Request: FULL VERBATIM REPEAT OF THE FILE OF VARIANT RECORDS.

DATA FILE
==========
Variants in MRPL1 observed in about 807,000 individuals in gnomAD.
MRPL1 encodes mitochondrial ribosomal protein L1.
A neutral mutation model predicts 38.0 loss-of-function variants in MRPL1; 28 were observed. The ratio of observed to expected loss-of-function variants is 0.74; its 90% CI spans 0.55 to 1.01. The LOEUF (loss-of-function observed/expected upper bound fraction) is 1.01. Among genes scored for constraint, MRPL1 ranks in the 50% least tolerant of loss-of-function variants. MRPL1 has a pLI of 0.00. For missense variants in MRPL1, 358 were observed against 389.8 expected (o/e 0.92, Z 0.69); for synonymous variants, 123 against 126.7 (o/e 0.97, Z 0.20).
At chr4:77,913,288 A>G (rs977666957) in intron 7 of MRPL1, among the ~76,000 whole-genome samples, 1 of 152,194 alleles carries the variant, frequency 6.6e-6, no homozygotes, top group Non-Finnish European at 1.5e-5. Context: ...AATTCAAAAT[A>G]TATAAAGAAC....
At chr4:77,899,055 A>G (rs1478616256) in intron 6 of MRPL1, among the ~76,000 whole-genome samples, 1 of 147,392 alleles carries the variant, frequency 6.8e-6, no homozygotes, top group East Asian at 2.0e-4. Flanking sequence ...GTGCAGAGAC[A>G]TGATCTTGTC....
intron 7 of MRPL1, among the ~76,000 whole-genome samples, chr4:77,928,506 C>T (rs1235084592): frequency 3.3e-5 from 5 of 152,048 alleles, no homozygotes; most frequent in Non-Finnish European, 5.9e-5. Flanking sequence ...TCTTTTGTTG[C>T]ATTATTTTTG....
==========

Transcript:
Variants in MRPL1 observed in about 807,000 individuals in gnomAD.
MRPL1 encodes mitochondrial ribosomal protein L1.
A neutral mutation model predicts 38.0 loss-of-function variants in MRPL1; 28 were observed. The ratio of observed to expected loss-of-function variants is 0.74; its 90% CI spans 0.55 to 1.01. The LOEUF (loss-of-function observed/expected upper bound fraction) is 1.01. Among genes scored for constraint, MRPL1 ranks in the 50% least tolerant of loss-of-function variants. MRPL1 has a pLI of 0.00. For missense variants in MRPL1, 358 were observed against 389.8 expected (o/e 0.92, Z 0.69); for synonymous variants, 123 against 126.7 (o/e 0.97, Z 0.20).
At chr4:77,913,288 A>G (rs977666957) in intron 7 of MRPL1, among the ~76,000 whole-genome samples, 1 of 152,194 alleles carries the variant, frequency 6.6e-6, no homozygotes, top group Non-Finnish European at 1.5e-5. Context: ...AATTCAAAAT[A>G]TATAAAGAAC....
At chr4:77,899,055 A>G (rs1478616256) in intron 6 of MRPL1, among the ~76,000 whole-genome samples, 1 of 147,392 alleles carries the variant, frequency 6.8e-6, no homozygotes, top group East Asian at 2.0e-4. Flanking sequence ...GTGCAGAGAC[A>G]TGATCTTGTC....
intron 7 of MRPL1, among the ~76,000 whole-genome samples, chr4:77,928,506 C>T (rs1235084592): frequency 3.3e-5 from 5 of 152,048 alleles, no homozygotes; most frequent in Non-Finnish European, 5.9e-5. Flanking sequence ...TCTTTTGTTG[C>T]ATTATTTTTG....